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Stamping Butterflies Paperback – August 29, 2006


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Editorial Reviews

From Publishers Weekly

Grimwood stumbles in this ambitious SF stand-alone, which falls short of the high mark set by his Arabesk trilogy (Pashazade, etc.), hard-boiled mysteries set in a near-future where the Ottoman Empire still exists. Grimwood alternates between the present-day efforts of an assassin to kill the U.S. president and a more cryptic future story line set aboard a Chinese spaceship. While the two plots eventually converge in a way most time-travel fans will have anticipated, the whole proves to be less than the sum of its parts. The action can become confusing and the language overblown. As usual, though, the author displays much cunning and wit as he grapples seriously with political themes. (Sept.)
Copyright © Reed Business Information, a division of Reed Elsevier Inc. All rights reserved.

From Booklist

Grimwood's Arabesk trilogy (Pashazade, 2001; Effendi, 2002; Felaheen, 2003) blended William Gibson-esque cyberpunk, alternate history, and hard-boiled detective elements. His new novel straddles the line between political intrigue and futuristic sf. It's the story of a lone gunman whose failure to assassinate the U.S. president opens a Pandora's box of mysteries. The novel explores the would-be assassin's life by leaping backward and forward in time, from his upbringing on the streets of Marrakech to more than 4,000 years hence, when he wields great tendrils of influence on a system of worlds ruled by a Chinese emperor. Prisoner Zero (so dubbed because he chooses to remain mute after arrest) is either a madman or an undiscovered genius whose cell-wall scribblings may contain the formula to humanity's first warp drive. Grimwood skillfully weaves Moroccan and Far Eastern culture in an inventive, philosophically resonant story line that keeps the reader guessing about Prisoner Zero until the final pages. Carl Hays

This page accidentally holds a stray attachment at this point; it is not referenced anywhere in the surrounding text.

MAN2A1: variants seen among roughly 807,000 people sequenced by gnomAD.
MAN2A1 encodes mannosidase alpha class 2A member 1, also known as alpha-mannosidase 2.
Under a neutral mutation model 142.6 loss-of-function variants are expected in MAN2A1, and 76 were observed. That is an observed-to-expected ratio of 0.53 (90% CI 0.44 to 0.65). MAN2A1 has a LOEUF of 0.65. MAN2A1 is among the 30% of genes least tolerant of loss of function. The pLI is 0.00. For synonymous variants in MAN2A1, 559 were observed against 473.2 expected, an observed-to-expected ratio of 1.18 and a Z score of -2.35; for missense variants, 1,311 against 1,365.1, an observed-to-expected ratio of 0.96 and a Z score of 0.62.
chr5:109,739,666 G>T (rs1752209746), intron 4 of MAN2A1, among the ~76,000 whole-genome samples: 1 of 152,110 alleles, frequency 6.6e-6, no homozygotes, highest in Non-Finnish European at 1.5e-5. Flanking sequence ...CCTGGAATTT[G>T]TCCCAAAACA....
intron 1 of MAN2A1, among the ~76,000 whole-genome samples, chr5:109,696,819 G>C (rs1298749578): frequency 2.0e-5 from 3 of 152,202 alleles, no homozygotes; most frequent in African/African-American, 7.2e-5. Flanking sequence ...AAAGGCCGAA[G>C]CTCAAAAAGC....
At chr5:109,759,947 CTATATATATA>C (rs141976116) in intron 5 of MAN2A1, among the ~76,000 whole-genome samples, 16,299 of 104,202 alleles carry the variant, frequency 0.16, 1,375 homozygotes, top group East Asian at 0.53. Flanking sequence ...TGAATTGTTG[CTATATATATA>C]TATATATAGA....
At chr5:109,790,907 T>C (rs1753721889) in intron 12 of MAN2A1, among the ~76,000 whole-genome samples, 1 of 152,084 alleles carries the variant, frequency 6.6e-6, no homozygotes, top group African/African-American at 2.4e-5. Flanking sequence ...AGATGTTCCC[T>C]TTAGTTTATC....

Copyright © American Library Association. All rights reserved
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Product Details

  • Paperback: 384 pages
  • Publisher: Spectra (August 29, 2006)
  • Language: English
  • ISBN-10: 0553383779
  • ISBN-13: 978-0553383775
  • Product Dimensions: 6 x 1 x 9 inches
  • Shipping Weight: 12 ounces (View shipping rates and policies)
  • Average Customer Review: 3.4 out of 5 stars  See all reviews (7 customer reviews)
  • Amazon Best Sellers Rank: #536,751 in Books (See Top 100 in Books)

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Customer Reviews

3.4 out of 5 stars

Most Helpful Customer Reviews

11 of 11 people found the following review helpful By doomsdayer520 HALL OF FAME on January 17, 2008
Format: Paperback
This is one of those novels that some would call brilliant and others would call pretentious. The previous (real) reviewers here are leaning to the latter criticism, and they do have a point because Grimwood's writing is often maddeningly obtuse and convoluted. While reading the book myself I swung wildly between the two camps, often marveling in the power of Grimwood's creativity and insight, only to have my enjoyment derailed again and again by deliberate vagueness and unnecessarily convoluted plot structures. Therefore my declaration is "almost brilliant" or "has potential." One has to wonder if Grimwood writes for readers or for other writers, because he's very high on craft but often lacking in basic readability. This novel is inherently fascinating, somehow connecting 1970s Morocco with a very unique Chinese planetary empire thousands of years in the future, binding them together via a weird present-day creative genius and an intriguing cosmic force that oversees the human condition and its history. The mood of the novel is dark and compelling, and you're likely to stay interested, but Grimwood's refusal to usefully outline his most fantastical ideas can be quite unsatisfying for the reader. There's something to be said for a writing style that remains purposefully obtuse in order to kick-start the reader's imagination, but that only works partially here. For fascinating modern science fiction with a cerebral twist, this book and the other works of Grimwood are certainly worth checking out, but they may only find total success with readers of a certain mindset. [~doomsdayer520~]